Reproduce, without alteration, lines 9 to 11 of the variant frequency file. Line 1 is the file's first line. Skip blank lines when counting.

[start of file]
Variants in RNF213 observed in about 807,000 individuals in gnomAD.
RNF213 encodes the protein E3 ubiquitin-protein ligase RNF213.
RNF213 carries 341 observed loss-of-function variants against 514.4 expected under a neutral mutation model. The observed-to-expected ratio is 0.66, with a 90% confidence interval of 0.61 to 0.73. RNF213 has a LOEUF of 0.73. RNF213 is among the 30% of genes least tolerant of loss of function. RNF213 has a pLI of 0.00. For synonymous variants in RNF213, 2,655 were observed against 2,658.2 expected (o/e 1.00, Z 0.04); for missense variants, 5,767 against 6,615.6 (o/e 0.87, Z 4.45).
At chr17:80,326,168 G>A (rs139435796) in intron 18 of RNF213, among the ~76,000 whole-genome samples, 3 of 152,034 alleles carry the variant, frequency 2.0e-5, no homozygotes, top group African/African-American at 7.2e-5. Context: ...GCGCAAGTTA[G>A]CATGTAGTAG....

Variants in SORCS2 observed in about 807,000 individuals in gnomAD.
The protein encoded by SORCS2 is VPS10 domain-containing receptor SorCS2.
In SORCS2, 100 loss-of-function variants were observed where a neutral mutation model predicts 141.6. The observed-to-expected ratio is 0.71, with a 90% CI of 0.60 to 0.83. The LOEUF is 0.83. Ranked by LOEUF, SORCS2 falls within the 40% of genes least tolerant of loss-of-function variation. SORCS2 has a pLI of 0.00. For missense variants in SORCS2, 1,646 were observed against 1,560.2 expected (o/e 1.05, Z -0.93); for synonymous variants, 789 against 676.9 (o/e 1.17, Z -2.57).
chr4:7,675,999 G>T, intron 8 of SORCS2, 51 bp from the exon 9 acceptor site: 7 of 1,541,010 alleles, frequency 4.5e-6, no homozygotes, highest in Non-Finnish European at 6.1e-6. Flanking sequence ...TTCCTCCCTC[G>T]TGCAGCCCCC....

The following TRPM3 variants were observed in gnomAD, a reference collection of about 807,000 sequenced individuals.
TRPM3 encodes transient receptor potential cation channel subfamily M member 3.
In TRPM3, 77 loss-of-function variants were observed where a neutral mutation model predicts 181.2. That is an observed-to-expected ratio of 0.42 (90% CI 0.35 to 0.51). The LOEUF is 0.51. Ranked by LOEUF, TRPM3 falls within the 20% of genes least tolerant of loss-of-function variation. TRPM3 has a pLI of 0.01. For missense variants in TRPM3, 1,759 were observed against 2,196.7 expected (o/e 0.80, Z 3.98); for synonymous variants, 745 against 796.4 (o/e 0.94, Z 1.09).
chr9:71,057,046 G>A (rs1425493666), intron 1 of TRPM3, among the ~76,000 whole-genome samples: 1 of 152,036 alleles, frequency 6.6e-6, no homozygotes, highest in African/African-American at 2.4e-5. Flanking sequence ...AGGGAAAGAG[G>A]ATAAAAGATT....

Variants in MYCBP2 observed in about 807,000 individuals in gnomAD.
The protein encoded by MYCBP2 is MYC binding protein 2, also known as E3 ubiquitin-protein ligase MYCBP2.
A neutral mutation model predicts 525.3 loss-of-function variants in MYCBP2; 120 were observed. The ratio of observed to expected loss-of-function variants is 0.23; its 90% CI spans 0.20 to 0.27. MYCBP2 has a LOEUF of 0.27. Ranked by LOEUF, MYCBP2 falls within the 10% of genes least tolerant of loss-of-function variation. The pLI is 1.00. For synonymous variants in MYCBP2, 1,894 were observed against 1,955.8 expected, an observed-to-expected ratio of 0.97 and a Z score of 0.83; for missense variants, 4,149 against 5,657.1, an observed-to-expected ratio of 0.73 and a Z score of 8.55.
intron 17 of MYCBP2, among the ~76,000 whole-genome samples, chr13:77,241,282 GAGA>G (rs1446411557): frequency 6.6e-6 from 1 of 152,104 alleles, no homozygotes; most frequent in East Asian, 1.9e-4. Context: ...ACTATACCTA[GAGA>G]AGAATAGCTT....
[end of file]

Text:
The following TRPM3 variants were observed in gnomAD, a reference collection of about 807,000 sequenced individuals.
TRPM3 encodes transient receptor potential cation channel subfamily M member 3.
In TRPM3, 77 loss-of-function variants were observed where a neutral mutation model predicts 181.2. That is an observed-to-expected ratio of 0.42 (90% CI 0.35 to 0.51). The LOEUF is 0.51. Ranked by LOEUF, TRPM3 falls within the 20% of genes least tolerant of loss-of-function variation. TRPM3 has a pLI of 0.01. For missense variants in TRPM3, 1,759 were observed against 2,196.7 expected (o/e 0.80, Z 3.98); for synonymous variants, 745 against 796.4 (o/e 0.94, Z 1.09).